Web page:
Many ‘trades’ set their own rates, although some might be guided by industry requirements and expectations. Solicitors, bookkeepers, accountants, business coaches, plumbers, painters, mechanics, and so the list goes on.
So, why then, do many of the public feel they can tell Virtual Assistants how much they should be charging? I’ve heard many VAs talk about this – they get contacted by a potential client who wants a lot of stuff done, often things that require someone with a great deal of experience but in the next breath, they tell the VA they will only pay (or ‘can’ only play) $xx per hour. What right do they have to tell the VA how much the VA should be accepting? VAs are not employees, they’re business owner/operators – just like all these other services and just like the majority of potential clients, who are usually business owners too.
Maybe they mean well, or think they’re being generous, or helpful, but it is really important to understand that service providers, business owners, independent contractors set their own rates. No-one else. And in the VA Industry, there is no governing or legislative body (as there may be with some industries in different countries). Generally VAs are encouraged to work out rates that are right for them, according to their cost of living, currency and where they live. Like all other business owners, they have taxes, insurances, equipment and other overheads to cover. And many VAs continue with professional development, taking courses to improve their skills and knowledge, as well as their service offerings.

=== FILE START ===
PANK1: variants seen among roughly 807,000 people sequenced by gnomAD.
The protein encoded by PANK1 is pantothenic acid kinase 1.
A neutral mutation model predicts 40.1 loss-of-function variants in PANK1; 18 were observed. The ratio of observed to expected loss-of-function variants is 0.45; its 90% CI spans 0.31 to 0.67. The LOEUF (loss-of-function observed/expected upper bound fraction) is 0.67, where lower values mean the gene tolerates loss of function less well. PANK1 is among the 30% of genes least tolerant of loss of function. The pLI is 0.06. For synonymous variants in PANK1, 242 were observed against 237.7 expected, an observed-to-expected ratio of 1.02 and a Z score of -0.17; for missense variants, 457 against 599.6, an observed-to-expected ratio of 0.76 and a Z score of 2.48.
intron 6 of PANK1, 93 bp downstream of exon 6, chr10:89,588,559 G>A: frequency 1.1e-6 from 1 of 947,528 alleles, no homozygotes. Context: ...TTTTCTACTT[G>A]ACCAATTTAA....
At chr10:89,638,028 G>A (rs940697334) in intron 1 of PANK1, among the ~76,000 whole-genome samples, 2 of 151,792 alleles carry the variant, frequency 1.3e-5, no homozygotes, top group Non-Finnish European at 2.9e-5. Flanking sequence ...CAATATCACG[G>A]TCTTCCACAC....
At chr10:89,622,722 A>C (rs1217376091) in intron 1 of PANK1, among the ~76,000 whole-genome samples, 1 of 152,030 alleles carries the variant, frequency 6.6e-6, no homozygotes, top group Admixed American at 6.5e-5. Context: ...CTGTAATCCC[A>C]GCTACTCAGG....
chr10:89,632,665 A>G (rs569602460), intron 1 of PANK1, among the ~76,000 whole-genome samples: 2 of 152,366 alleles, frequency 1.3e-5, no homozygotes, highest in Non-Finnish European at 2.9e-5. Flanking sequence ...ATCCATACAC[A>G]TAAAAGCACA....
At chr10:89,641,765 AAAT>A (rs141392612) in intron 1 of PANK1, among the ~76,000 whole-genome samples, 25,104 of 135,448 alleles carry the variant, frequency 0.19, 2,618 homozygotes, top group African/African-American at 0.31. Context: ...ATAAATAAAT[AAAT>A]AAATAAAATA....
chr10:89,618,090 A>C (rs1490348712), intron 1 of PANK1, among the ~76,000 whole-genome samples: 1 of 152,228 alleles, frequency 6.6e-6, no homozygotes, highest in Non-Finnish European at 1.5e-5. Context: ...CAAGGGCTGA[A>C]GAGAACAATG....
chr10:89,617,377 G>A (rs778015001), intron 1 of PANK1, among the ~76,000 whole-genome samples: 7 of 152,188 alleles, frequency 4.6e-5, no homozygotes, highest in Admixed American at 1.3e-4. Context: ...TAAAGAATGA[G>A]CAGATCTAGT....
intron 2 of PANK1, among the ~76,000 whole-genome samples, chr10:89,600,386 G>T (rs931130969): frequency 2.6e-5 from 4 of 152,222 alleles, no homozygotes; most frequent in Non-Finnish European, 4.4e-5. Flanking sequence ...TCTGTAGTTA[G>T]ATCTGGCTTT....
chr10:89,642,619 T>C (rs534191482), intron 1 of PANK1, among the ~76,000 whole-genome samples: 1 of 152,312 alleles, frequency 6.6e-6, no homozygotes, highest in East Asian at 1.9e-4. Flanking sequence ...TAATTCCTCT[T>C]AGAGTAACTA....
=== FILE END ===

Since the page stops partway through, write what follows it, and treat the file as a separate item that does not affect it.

As a business owner, would you like it if someone outlined what they wanted you to do and then told you they can only pay $10 an hour, or maybe even $5 an hour? What about $15 an hour? For some business owners, depending on what they do, that might be a good rate in their country, but for most in western countries, it won’t be.
If you’re a prospective client of a VA, it would be better for you to outline what you need to have done and tell the VA what your budget is for the week or month. That way the VA can tell you what they can get done for what you can afford. The reality may well be (and this is often the case), the VA can get things done a lot more quickly than you can, because they’re experienced in those things, and consequently, what might take you 4-5 hours to do, may take the VA only a couple of hours. In which case, money well spent and you have gained those 4-5 hours to concentrate on earning more income from your own business.
Let the service provider set their own rates – and let them get on with the business of supporting you, without feeling like you’re trying to screw them down. No-one wins in that scenario.
Kathie is the owner of VA Directory and is former past President of the Australian VA Association. She founded the Virtual Assistant industry in Australia in the mid 90s, having already been operating a home-based secretarial service. Today the VA industry covers a multitude of office-based services for clients worldwide.